Chronic Obstructive Pulmonary Disease (COPD) can be recognized as a severe disability by the Social Security Administration (SSA) and an Administrative Law Judge (ALJ). Indiana residents experiencing a severe lung impairment can attempt to receive Social Security Disability Insurance (SSDI) benefits or Supplemental Security Income (SSI) benefits by filing an initial claim. Chronic obstructive pulmonary disease (COPD) is listed under the Social Security Administration’s medical Listing of Impairments known as Respiratory System (Listing 3.02). Impairments caused by COPD disorders generally produce irreversible loss of pulmonary function due to: gas exchange abnormalities, ventilatory impairments, or a combination of both. The most common symptoms include: coughing wheezing sputum production (phlegm) dyspnea on exertion (shortness of breath) hemoptysis (coughing up blood) chest pain Because the above symptoms are common symptoms among other diseases, it will be necessary to have a thorough medical examination, medical history and chest x-rays or other imaging tests in order to establish COPD . It may even be required for more sophisticated pulmonary function testing to determine if gas exchange abnormalities contribute to the severity of a respiratory impairment. The severity of the impairment may be determined by further evaluation. Additional testing might include measurement of diffusing capacity of the lungs for carbon monoxide or resting arterial blood gases. If you find yourself unable to work due to a breathing impairment, it is important to seek medical attention, take appropriate medications, and keep detailed records when attempting to obtain Social Security disability benefits. If you have any questions regarding obtaining Social Security disability benefits for Chronic Obstructive Pulmonary Disease or any other impairment, contact Indianapolis Social Security Disability Attorney Scott D. Lewis at (317) 423-8888 for a free consultation.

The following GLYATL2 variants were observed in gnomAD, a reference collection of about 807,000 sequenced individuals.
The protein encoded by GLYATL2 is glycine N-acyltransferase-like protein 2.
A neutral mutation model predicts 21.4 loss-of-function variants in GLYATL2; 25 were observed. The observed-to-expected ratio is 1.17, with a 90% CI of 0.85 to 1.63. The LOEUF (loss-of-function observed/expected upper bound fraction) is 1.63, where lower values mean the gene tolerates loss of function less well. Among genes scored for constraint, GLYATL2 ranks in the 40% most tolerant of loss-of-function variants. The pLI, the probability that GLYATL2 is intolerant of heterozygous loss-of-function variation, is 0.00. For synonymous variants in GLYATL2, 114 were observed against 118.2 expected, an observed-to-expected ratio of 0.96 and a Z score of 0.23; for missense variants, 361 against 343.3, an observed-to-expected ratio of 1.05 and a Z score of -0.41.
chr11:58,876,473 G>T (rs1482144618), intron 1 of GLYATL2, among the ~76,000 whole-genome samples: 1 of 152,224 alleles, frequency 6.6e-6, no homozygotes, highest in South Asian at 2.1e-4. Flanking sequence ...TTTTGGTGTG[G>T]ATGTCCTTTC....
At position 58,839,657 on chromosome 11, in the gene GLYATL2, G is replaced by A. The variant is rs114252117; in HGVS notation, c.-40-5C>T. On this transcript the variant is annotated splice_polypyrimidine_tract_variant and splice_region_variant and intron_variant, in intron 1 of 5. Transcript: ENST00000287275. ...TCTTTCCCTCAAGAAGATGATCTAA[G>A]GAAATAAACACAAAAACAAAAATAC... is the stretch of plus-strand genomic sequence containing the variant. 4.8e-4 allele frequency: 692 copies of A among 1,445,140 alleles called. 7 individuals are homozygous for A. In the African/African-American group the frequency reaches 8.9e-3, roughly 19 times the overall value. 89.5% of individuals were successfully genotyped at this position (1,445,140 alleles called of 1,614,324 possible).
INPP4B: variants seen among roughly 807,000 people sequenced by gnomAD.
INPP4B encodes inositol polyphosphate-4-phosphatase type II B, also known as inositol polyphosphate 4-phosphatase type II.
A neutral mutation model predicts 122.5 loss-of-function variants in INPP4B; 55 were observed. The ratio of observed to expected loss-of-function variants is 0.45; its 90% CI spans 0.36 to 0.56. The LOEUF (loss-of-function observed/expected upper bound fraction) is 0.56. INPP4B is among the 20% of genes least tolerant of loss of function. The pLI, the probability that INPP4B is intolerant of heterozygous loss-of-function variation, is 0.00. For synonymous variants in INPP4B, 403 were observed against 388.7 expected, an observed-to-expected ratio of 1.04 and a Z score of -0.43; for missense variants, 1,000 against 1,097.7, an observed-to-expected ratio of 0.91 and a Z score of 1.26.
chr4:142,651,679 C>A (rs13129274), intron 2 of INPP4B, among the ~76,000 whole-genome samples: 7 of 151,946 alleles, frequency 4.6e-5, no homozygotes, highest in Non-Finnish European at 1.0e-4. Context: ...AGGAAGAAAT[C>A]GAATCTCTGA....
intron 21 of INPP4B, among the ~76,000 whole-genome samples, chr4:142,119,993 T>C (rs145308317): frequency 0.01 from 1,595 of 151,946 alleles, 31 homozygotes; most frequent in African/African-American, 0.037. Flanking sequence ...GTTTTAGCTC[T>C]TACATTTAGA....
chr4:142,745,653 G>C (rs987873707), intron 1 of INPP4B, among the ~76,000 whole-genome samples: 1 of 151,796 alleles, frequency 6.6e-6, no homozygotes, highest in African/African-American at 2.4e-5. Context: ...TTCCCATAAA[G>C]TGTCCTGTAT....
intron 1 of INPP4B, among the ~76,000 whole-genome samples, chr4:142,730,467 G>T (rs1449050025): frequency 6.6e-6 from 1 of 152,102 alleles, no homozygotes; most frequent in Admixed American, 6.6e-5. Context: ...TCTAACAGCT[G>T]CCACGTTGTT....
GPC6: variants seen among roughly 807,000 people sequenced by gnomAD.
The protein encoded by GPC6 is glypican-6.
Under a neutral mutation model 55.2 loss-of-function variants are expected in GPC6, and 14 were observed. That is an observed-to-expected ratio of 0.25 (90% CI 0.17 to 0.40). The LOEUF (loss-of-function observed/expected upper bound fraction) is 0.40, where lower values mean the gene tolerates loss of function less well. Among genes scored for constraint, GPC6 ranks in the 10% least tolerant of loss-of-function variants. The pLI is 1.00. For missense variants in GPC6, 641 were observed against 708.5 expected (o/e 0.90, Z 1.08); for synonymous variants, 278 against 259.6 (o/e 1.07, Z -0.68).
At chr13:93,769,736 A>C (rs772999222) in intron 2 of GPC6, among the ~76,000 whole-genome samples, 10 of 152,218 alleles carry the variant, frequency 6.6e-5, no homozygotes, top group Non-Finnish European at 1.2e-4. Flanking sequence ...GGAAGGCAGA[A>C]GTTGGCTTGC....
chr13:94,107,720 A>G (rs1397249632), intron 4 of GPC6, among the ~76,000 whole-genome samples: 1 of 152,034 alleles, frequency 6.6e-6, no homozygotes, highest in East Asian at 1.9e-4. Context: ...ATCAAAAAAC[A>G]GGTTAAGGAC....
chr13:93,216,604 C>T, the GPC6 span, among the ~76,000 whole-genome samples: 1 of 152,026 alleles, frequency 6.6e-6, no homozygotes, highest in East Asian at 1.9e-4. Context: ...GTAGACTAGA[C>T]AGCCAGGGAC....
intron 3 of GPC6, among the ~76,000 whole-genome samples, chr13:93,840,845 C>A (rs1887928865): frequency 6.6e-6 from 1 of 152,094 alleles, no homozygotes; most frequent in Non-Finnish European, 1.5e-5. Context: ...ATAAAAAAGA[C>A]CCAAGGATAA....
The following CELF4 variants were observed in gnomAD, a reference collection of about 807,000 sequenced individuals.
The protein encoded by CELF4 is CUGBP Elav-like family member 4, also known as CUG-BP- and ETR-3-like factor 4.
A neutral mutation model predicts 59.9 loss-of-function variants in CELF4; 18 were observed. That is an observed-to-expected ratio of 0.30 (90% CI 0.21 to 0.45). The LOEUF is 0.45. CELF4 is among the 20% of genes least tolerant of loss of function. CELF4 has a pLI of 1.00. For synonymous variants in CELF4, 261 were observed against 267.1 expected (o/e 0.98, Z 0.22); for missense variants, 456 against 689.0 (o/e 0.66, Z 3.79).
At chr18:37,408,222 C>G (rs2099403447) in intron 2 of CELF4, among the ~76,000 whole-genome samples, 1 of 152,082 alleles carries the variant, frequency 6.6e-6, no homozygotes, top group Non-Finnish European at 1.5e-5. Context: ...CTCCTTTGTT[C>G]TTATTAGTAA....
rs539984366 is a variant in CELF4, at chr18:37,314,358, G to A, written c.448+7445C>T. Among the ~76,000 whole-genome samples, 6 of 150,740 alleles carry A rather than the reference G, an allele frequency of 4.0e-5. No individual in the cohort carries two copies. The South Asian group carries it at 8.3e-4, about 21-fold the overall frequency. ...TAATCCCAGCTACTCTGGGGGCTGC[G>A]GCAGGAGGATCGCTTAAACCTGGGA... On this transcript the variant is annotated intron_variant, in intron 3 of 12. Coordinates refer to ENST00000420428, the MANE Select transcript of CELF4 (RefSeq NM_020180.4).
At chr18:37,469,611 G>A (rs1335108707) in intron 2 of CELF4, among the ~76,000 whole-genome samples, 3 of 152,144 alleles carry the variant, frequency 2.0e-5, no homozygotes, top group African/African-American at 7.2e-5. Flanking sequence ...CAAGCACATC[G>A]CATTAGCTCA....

October 19, 2009
Indiana residents filing a claim for Social Security disability benefits may find themselves answering many questions when they finally appear in front of an Administrative Law Judge (ALJ). The quality and credibility of your testimony may have a big impact on the outcome of the hearing.While there is no one answer on how to give testimony at a Social Security disability hearing, there have been few things that I have experienced as Indianapolis Social Security Disability Attorney that clients should be aware of when addressing the ALJ. I advise my clients to always be honest when testifying. Many Administrative Law Judges have done hundreds if not thousands of Social Security disability claims hearings and can typically detect when a claimant is not being truthful. Some judges may try to catch a disability claimant that is trying to tell a lie by asking questions that often lead the client into contradicting their previous testimony. So, it is my belief that honesty is always the best policy. Stay focused. If you are being questioned about your “back” impairment, try to stay on that subject. The other impairments you experience will hopefully be covered through more questioning. It is important to elaborate on your disability, letting the judge know how it interferes with your life, the severity of the pain you experience, and the side effects the medications may have on you, among other things. It’s critical that you get this information across to the judge. Inform the judge of the things that you cannot do. Many people do not want to admit they have a disability that hinders their ability to do daily activities. When attempting to obtain disability benefits, at times you will need to swallow your pride. If you need help with daily activities such as grooming, laundry, cooking, etc. it is important to inform the judge of these difficulties. This is no time to pretend you are a superhero when … Continued